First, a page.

Of all the businesses Elon Musk owns, Tesla’s cars, SpaceX’s rockets, and the social network Twitter are the most well-known and media-covered. But none is as intriguing as Neuralink, that project that aims to get inside our heads.
Neuralink has announced that the U.S. Food and Drug Administration (FDA) has approved the launch of its first clinical study in humans. This is a significant milestone for the company.
“We are excited to share that we have received FDA approval to launch our first clinical study in humans!” wrote Neuralink’s official Twitter account on Thursday.
“This is the result of the incredible work done by the Neuralink team in close collaboration with the FDA, and it represents an important first step that will someday enable our technology to help many people.”
Years of FDA rejection
It appears that last year, the FDA rejected a previous request from Neuralink to initiate human trials, citing “dozens of concerns that the company needed to address.”
Among them, there were concerns that the wires could shift and damage the brain, that the brain could be harmed when removing the device, and potential issues with its lithium battery.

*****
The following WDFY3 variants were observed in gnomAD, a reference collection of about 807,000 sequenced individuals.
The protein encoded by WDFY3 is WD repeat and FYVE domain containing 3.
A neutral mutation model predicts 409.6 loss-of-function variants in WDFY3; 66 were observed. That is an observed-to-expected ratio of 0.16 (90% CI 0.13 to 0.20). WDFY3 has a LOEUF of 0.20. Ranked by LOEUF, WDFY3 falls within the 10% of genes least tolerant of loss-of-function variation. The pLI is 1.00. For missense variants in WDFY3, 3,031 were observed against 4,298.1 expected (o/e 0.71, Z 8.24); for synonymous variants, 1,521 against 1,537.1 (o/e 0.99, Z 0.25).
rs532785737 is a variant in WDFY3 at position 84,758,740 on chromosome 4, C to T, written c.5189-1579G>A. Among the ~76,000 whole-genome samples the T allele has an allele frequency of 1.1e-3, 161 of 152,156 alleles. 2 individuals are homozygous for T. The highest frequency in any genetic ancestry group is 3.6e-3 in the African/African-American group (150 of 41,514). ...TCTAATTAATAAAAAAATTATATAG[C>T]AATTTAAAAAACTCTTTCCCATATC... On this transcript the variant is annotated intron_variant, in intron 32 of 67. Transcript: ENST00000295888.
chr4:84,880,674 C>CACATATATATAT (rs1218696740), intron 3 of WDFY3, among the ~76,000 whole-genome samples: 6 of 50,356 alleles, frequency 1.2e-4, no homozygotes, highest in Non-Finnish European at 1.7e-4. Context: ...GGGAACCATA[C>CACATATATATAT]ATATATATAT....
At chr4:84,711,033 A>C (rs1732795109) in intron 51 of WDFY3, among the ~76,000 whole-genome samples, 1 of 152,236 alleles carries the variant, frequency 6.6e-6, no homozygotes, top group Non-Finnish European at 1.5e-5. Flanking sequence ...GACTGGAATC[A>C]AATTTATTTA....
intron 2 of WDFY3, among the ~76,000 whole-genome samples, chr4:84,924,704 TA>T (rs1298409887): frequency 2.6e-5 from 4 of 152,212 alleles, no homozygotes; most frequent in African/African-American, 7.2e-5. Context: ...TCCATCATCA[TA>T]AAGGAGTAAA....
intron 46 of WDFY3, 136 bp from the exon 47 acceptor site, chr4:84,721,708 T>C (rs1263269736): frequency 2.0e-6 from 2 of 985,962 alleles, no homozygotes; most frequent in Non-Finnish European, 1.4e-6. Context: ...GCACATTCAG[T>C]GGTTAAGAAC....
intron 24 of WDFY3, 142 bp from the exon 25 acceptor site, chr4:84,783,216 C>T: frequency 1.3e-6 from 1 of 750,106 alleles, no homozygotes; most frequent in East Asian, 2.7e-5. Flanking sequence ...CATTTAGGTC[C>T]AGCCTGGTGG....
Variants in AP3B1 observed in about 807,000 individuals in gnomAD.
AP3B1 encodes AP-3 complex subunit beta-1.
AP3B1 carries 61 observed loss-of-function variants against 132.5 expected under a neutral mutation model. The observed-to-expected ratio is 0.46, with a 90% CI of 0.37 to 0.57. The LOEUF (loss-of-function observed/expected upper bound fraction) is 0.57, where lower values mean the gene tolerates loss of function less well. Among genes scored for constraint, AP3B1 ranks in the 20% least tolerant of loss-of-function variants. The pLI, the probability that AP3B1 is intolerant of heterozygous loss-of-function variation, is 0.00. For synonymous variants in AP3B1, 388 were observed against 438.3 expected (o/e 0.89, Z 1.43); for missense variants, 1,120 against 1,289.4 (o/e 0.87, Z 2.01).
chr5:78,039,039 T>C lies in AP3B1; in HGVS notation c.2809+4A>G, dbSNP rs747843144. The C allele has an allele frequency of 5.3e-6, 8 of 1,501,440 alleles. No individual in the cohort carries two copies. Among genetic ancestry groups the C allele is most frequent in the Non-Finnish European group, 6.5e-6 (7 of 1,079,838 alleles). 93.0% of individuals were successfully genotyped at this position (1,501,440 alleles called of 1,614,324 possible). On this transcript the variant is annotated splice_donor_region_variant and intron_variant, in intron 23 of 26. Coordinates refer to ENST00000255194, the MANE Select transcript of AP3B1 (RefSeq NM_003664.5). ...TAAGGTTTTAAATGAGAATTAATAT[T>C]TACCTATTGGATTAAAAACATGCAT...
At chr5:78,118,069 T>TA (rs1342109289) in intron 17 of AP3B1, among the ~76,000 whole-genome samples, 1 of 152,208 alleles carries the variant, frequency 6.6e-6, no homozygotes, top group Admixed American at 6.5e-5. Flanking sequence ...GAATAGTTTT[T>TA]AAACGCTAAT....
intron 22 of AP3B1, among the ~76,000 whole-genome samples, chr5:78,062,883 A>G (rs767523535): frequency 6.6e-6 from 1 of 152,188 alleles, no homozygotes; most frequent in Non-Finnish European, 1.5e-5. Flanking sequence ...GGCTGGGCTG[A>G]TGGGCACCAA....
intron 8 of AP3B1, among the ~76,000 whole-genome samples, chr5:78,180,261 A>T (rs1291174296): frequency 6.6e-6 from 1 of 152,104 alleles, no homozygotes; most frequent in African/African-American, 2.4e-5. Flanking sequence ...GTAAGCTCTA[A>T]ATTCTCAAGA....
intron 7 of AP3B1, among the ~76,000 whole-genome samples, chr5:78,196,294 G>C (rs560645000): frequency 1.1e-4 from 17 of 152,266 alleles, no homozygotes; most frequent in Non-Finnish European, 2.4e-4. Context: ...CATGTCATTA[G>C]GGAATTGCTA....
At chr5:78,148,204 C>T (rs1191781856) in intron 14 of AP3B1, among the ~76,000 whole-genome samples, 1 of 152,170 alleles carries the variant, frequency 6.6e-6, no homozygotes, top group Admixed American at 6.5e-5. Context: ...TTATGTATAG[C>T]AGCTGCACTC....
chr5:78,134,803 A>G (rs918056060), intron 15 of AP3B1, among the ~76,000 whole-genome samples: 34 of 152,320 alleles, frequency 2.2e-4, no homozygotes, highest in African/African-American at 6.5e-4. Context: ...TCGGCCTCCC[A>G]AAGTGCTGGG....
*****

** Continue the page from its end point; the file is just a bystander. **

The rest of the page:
Neuralink is also under investigation for violations of animal welfare, with reports of sloppy experiments that caused unnecessary suffering and deaths.
It seems that surgeons used improper surgical tools, implanted Neuralink devices in incorrect locations, and used devices of inappropriate sizes.
He has not started recruiting and there are already volunteers for his experiments
Neuralink, the neurotechnology company, is not currently recruiting subjects for the trials and has not revealed any information about the exact nature of the clinical trial.
Nevertheless, fans of Neuralink’s founder, Elon Musk, are already eager to have the experimental technology implanted in their brains.
Neuralink’s goal is to develop implantable devices that can interface with computers using the brain and restore vision or mobility to disabled individuals.
However, while this may sound exciting for people with disabilities, there are serious concerns surrounding Neuralink’s brain chips. The future could be thrilling… or very ominous.
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